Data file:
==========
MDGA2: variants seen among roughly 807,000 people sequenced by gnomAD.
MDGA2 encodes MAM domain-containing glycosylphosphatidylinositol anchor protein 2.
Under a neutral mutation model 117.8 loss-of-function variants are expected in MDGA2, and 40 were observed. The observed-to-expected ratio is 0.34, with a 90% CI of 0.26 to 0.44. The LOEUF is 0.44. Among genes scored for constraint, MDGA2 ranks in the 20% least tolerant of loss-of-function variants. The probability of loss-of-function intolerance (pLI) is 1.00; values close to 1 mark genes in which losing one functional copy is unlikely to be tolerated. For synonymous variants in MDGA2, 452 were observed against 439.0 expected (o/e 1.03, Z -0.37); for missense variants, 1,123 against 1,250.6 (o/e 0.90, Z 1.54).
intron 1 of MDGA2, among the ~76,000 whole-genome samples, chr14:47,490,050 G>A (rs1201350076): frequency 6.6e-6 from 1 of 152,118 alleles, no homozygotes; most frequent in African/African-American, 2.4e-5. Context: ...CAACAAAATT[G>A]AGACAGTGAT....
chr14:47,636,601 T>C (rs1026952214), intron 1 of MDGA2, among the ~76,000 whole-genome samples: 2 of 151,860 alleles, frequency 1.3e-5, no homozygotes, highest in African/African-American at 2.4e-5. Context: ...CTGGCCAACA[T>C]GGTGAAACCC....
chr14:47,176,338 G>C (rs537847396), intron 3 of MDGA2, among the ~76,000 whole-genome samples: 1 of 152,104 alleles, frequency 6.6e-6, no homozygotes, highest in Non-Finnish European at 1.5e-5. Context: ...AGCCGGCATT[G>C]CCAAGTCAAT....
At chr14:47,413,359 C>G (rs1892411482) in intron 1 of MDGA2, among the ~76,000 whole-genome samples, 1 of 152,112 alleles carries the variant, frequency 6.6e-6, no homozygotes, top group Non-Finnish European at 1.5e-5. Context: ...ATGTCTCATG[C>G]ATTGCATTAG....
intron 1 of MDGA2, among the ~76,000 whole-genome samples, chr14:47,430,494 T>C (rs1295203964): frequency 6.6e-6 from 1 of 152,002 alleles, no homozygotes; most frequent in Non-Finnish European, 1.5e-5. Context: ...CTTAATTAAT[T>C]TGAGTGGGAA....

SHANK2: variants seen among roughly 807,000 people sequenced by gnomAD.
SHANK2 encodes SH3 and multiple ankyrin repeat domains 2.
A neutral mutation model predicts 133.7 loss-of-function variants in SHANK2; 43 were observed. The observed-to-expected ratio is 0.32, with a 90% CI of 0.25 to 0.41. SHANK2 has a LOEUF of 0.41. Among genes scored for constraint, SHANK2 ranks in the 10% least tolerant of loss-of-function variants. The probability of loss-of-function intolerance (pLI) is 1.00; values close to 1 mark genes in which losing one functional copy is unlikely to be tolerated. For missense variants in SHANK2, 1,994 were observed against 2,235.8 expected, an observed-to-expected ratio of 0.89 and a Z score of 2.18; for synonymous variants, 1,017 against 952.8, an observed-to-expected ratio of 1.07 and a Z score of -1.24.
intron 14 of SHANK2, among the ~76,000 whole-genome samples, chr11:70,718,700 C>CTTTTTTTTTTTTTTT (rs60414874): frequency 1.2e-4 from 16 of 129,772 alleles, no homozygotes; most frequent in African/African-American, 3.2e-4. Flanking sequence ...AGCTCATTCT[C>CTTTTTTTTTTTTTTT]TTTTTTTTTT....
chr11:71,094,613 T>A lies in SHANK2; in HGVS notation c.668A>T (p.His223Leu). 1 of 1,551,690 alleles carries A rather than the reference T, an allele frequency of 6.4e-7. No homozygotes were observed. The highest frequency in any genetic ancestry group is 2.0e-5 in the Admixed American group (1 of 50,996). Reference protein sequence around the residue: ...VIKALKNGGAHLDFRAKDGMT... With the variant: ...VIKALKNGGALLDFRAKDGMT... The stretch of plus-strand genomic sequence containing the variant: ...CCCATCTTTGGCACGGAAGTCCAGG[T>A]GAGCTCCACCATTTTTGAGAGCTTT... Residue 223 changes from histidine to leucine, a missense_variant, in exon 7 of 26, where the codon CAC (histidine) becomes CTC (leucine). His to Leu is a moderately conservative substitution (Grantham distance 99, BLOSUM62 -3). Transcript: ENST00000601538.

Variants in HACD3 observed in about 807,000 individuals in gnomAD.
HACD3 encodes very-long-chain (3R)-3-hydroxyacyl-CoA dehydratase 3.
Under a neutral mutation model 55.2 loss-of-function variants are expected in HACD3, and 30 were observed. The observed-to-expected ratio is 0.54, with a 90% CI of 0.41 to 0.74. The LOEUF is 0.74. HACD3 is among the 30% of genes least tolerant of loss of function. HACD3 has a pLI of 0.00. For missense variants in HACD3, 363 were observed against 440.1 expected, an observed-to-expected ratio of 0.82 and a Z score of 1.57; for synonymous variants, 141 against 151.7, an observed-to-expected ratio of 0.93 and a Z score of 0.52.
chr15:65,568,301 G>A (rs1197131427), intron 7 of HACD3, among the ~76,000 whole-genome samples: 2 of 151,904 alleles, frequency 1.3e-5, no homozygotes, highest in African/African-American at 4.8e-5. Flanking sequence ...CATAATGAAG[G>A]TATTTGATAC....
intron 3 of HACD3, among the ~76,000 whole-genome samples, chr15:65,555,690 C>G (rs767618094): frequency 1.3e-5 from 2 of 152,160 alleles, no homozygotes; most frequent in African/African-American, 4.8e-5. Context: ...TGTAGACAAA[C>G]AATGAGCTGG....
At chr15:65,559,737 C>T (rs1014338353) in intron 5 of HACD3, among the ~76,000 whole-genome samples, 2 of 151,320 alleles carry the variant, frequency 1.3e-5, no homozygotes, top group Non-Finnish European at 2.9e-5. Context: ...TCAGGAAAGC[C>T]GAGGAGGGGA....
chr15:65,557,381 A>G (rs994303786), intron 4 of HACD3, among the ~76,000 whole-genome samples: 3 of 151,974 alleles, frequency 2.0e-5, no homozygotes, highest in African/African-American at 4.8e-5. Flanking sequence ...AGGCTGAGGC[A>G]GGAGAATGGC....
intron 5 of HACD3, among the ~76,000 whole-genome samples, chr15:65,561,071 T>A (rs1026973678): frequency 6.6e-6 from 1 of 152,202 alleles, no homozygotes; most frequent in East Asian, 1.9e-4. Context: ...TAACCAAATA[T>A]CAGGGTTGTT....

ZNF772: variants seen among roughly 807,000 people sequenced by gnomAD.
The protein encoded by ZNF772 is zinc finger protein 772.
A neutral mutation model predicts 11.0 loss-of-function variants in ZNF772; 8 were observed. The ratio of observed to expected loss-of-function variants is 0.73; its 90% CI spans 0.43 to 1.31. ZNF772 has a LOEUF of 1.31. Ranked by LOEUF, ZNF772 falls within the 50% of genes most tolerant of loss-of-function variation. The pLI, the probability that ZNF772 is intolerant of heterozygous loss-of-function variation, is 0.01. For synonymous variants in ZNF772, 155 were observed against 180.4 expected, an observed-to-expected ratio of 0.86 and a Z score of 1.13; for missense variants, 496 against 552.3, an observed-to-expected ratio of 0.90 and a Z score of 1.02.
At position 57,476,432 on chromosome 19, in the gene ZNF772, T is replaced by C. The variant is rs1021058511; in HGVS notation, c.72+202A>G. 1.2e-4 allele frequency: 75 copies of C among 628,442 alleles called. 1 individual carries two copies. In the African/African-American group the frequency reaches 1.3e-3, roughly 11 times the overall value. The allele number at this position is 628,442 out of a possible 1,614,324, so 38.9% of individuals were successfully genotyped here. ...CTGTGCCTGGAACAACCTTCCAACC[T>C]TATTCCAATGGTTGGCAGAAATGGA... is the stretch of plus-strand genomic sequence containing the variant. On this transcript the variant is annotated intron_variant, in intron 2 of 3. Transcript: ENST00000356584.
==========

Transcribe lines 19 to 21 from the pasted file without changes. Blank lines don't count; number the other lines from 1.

At chr15:65,559,737 C>T (rs1014338353) in intron 5 of HACD3, among the ~76,000 whole-genome samples, 2 of 151,320 alleles carry the variant, frequency 1.3e-5, no homozygotes, top group Non-Finnish European at 2.9e-5. Context: ...TCAGGAAAGC[C>T]GAGGAGGGGA....
chr15:65,557,381 A>G (rs994303786), intron 4 of HACD3, among the ~76,000 whole-genome samples: 3 of 151,974 alleles, frequency 2.0e-5, no homozygotes, highest in African/African-American at 4.8e-5. Flanking sequence ...AGGCTGAGGC[A>G]GGAGAATGGC....
intron 5 of HACD3, among the ~76,000 whole-genome samples, chr15:65,561,071 T>A (rs1026973678): frequency 6.6e-6 from 1 of 152,202 alleles, no homozygotes; most frequent in East Asian, 1.9e-4. Context: ...TAACCAAATA[T>A]CAGGGTTGTT....